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King of the Zulu's
King of the Zulu's lived here in Kensington!
King Cetshwayo (c.1826–1884), King of the Zulus, has today (Monday 30th October), been commemorated with an English Heritage Blue Plaque at 18 Melbury Road, London, W14, where he stayed in the Summer of 1882 following his exile from Zululand. During this time, he met Prime Minister Gladstone and visited Queen Victoria at Osborne House. Although the duration of his stay was short, his visit made a significant political impact - very few African princes, and no other Zulus (save those accompanying Cetshwayo) had visited London at this time.
For many, the Zulu war is remembered as a dark moment in British history – a conflict deemed “unjust and unnecessary” by the Earl of Kimberley in 1882. In an interview given while at Melbury Road, Cetshwayo said that he regarded the war as “a calamity.” However, the dramatic story of King Cetshwayo – dethroned, imprisoned, and then restored by the British Empire - remains the subject of exceptional interest and sheds crucial light on the late nineteenth-century history of this country.
Cetshwayo kaMpande (also known as Cetewayo or Ketchwayo, meaning “the slandered one”) was born around 1826, the son of Zulu prince Mpande and Ngqumbazi, a member of the Zulu aristocracy. From the moment of his birth, Cetshwayo was immersed in war and bloodshed – his uncle Shaka, a renowned commander who had led the Zulus to a position of dominance in south-east Africa, was assassinated in 1828 by his brother Dingane. Aware of the threat to his own family, Mpande moved to a defensive position, and in 1839 – 40 successfully removed his brother from power. In 1840 Mpande was declared King of the Zulus, and Cetshwayo became heir to the throne.
In the following years, Cetshwayo steadily gained in influence and importance but was increasingly threatened by his younger brother Mbuyazi, supported by their father. Conflict was inevitable – in the ensuing battle of Ndondakusuka, Mbuyazi was dramatically defeated by Cetshwayo and for the next 15 years he controlled the nation. After the death of his father in 1872, Cetshwayo came to the throne and an official coronation ceremony took place in the following year.
During this period Zululand was repeatedly invaded by Boers from the South African Republic, eager to occupy the Zulu’s fertile territory – the arrival in 1877 of Sir Henry Bartle Frere, Govenor of the Cape Colony, was a direct threat to Zulu independence. As the most powerful native ruler in the area, King Cetshwayo was regarded with grave suspicion by Frere, and the British increasingly interfered in his rule.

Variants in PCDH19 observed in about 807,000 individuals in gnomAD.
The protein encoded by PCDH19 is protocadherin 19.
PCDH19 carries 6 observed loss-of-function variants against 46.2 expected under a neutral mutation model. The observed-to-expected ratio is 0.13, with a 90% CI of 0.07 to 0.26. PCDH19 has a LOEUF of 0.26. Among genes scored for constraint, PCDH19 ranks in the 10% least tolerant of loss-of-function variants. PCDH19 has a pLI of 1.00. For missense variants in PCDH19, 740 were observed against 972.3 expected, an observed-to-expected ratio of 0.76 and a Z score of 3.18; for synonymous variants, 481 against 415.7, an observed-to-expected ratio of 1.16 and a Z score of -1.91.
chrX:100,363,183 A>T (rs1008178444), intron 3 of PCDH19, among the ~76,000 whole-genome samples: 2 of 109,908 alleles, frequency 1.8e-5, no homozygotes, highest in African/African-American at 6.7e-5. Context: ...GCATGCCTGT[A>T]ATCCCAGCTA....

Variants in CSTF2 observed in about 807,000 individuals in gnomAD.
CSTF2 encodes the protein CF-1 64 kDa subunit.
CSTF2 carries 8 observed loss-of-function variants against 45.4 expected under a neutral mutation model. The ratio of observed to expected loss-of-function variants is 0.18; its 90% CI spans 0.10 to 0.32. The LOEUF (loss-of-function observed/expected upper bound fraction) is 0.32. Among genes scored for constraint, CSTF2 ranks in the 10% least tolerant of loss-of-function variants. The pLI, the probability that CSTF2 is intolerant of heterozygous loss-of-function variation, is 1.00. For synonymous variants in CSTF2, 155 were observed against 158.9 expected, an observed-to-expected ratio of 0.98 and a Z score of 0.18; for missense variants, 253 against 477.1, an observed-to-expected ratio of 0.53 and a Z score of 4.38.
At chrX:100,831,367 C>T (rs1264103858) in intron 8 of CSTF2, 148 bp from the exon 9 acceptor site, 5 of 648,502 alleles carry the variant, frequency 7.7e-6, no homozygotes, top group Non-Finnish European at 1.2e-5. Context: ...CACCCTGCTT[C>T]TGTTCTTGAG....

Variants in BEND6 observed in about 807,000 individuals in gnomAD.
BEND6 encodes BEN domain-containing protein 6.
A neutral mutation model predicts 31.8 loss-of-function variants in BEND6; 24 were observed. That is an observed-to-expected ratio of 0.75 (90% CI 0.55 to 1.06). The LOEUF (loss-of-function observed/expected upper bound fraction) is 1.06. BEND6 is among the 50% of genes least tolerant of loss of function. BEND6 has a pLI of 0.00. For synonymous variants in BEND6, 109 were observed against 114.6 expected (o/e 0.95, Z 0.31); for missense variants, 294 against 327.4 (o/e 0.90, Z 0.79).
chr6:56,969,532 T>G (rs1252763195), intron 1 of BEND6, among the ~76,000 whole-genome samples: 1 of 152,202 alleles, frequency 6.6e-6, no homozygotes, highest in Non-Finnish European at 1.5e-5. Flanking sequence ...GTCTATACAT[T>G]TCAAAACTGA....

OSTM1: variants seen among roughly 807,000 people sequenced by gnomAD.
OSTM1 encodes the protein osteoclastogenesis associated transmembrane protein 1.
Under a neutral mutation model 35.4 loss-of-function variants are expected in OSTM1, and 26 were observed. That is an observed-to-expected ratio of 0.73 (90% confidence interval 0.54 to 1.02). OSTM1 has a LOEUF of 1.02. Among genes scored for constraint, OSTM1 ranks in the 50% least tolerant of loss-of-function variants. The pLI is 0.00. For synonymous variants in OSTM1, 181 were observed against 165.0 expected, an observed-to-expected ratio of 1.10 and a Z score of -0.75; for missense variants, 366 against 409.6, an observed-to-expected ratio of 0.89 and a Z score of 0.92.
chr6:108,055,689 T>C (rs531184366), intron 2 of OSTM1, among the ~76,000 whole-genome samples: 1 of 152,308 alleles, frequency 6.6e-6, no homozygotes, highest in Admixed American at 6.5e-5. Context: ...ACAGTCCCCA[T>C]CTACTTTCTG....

Despite Cetshwayo’s reluctance to engage in conflict, war was inevitable and a substantial British force under Lord Chelmsford entered Zululand in January 1879. The ensuing campaign saw the worst British defeat at the hands of an indigenous opponent when the camp at Isandhlwana was attacked by 24,000 Zulu warriors. The stand at Rorke’s Drift helped to salvage Chelmsford’s fortunes and Cetshwayo was taken prisoner in July 1879. He was exiled from Zululand and the nation was divided into thirteen independent chiefdoms under the authority of the British.
For the following three years, Cetshwayo was held captive in Cape Town and it was during this time that rumours began to circulate that the ex-King would be allowed to visit Britain. The potential visit was hotly debated in Parliament – what was its purpose, and would, as the Earl of Carnarvon suggested, the visit lead to “great public inconvenience and considerable risk”? The Earl of Kimberley strongly defended Cetshwayo, regarding him as a “remarkable man” with ability and “great influence”. And so, on the 4 August 1882, Cetshwayo arrived in England, and stayed for nearly one month. Following meetings with Queen Victoria and Gladstone, his return to Zululand was agreed – Cetshwayo had made it clear that this outcome was the purpose of his visit to England, reasoning that his people wanted him and that there would be war if he was not restored to the throne.
Cetshwayo was returned in secret to Zululand in January 1883, but, greatly weakened in authority, he was unable to prevent factional fighting turning into a gory civil war. Cetshwayo and his fifteen year old heir, Dinizulu, were forced to seek refuge in a reserve controlled by the British. Cetshwayo died on 8 February 1884 – although officially recorded as a heart attack, some suspected poisoning. Two months later, Dinizulu was proclaimed King.